How a premature birth can result in long-term complications
It was supposed to be their first Thanksgiving as a married couple.
Jacob and Jessica Kuczka, both 26, met in St. Louis, their hometown, a little more than five years ago. He was a security officer in the museum where she was an art gallery attendant.
They’d come first to Savannah, so Jessica could pursue a degree in historic preservation at SCAD. Jacob worked for a security company in Bluffton.
After graduation, Jessica took a job with the Port Royal Historic Foundation. Jacob joined the Beaufort County Sheriff’s Office as a deputy.
They married in March on Hilton Head and were looking forward to their new lives and the baby they were expecting after the first of the year.
They were going to keep Thanksgiving quaint and quiet. They’d planned to hang out, have dinner, and watch movies.
With both of their families back in St. Louis, it was just the two of them.
“We have enough fun, just me and her,” Jacob said this week.
But when he got home from work that morning, Jacob found Jessica, then seven months pregnant with baby Oliver, in bed with a nosebleed.
“It was kind of weird but we didn’t think anything of it,” he said.
Jessica got dressed and the two sat down to breakfast.
That’s when she had the first seizure.
The couple tried to go back to bed and relax. Then the second seizure hit. Jessica stopped breathing and her skin turned pale. Jacob called 911. Jessica was staring off into the distance and didn’t answer Jacob when he spoke to her.
Before paramedics could arrive, she had a third seizure.
She was taken to Beaufort Memorial Hospital before eventually being airlifted to the Medical University of South Carolina in Charleston, about 80 miles away.
“I was worried about Jessica and when she got into the helicopter and flew away, that’s when it hit me that this may affect Oliver, too,” Jacob said. “There’s two people I have to worry about now.”
Jacob couldn’t ride in the helicopter, so he quickly packed what he could in a small bag, got in his car, and rushed to Charleston.
Doctors there discovered Jessica had suffered two brain aneurysms and needed emergency surgery.
Since that day, Jessica has undergone at least five operations to stop bleeding in her brain, including a high-risk, open brain surgery that required a portion of her skull be removed.
Another surgery was the C-section that delivered Oliver.
“Throughout this whole pregnancy, Jessica had always said if something happened to save the baby,” Jacob said.
Now, that decision had to be made.
“It’s sounds kind of morbid to me,” he said. “Pick your son or your wife that you want to save. That was honest to God the hardest time of my life.”
Jacob’s decision ultimately saved both mother and child.
Born nine weeks early on November 29, Oliver weighed four pounds.
Although premature, Jacob said Oliver is a fighter. He’s already undergone several blood transfusions and is responding well to all of the procedures and treatments he’s had to endure.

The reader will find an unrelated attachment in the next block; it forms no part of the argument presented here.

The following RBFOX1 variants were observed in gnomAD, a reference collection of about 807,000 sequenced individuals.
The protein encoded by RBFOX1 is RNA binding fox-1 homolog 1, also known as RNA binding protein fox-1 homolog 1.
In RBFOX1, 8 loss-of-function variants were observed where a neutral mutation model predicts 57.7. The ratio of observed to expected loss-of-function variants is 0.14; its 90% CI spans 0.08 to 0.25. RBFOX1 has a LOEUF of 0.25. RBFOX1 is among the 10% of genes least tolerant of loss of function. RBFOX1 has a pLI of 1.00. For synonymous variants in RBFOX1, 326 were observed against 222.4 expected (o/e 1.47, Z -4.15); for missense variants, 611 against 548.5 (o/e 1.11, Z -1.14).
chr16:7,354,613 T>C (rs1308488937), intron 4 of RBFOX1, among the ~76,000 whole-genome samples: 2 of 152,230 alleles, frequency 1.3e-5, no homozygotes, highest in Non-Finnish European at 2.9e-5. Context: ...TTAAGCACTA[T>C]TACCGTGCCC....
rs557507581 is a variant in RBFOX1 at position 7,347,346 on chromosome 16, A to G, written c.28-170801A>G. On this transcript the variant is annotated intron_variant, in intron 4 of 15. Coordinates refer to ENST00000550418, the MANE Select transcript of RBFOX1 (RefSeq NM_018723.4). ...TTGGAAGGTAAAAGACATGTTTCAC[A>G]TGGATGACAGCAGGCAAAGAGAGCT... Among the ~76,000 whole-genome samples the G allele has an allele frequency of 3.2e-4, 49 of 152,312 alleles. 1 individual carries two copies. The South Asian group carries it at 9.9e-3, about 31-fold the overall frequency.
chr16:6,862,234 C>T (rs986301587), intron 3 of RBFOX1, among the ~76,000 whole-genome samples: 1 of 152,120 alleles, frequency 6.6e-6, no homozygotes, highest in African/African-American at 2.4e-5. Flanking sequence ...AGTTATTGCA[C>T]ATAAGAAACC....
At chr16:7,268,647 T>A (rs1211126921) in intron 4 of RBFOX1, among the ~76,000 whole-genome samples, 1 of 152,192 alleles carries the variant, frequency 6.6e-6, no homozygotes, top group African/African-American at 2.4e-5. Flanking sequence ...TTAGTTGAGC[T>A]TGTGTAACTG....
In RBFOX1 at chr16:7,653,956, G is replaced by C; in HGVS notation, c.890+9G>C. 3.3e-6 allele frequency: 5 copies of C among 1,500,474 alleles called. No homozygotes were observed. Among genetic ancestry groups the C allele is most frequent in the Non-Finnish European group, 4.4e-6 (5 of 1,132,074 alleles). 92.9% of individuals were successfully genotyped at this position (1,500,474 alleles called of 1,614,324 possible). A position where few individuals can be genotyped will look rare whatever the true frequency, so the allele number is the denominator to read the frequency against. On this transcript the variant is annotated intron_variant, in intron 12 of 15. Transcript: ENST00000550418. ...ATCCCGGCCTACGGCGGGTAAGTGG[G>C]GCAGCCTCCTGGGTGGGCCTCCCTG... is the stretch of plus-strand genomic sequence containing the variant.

Now, all of his vitals are within average range except for his respiratory rate.
That, Jacob said, is a common complication from being born prematurely since Oliver’s lungs had not fully developed.
Slowly he is needing less and less help breathing. He now uses only a nasal cannula. He also has jaundice, another complication associated with premature births, and doctors are continuing to monitor his blood platelets to make sure he doesn’t need another transfusion.
“He’s such a fighter,” Jacob said. “He’s so strong.”
As Oliver stays in the Neonatal Intensive Care Unit, Jessica is in the Neuroscience Intensive Care Unit.
Her memory has been affected and she has a hard time speaking and forming sentences, Jacob said.
But on Sunday, she put three important words together.
That’s the day she got to meet her baby boy for the first time. She looked at Oliver, then at Jacob and said: “I love you.”
“I know she knows that’s our son,” Jacob said. “That was the happiest time of my life. Meeting her and marrying her are always going to be great milestones, but that was the best.”
Every morning, Jacob drives to the hospital around 8 a.m. and stays until at least midnight.
And every single day, he’s working with Jessica to help her remember.
Throughout the day, he shows her pictures — pictures from their March wedding on Hilton Head, pictures of normal days at home, pictures of their families back in St. Louis, and pictures of friends, both past and present.
“At first she didn’t know much of it,” Jacob said. “But the last couple of days, she has started recognizing some people.”
There’s still a long way for the new family of three to go. Oliver and Jessica will be in the hospital for at least six more weeks, but Jacob says they’re both fighting hard.
They’ve gotten an outpouring of love and support from all over.
More than $12,500 has been donated to the family to help with medical costs and living expenses since neither Jacob or Jessica can work right now, and for baby supplies for Oliver.
Deputies and command staff at the Sheriff’s Office have also visited them in the hospital, acting as “family outside of family,” Jacob said.
“Honestly, I can’t imagine anything more devastating than what we’ve been through and what we’re still going through,” he said.
“But, no matter how hard it gets, there’s always a way to make it out.”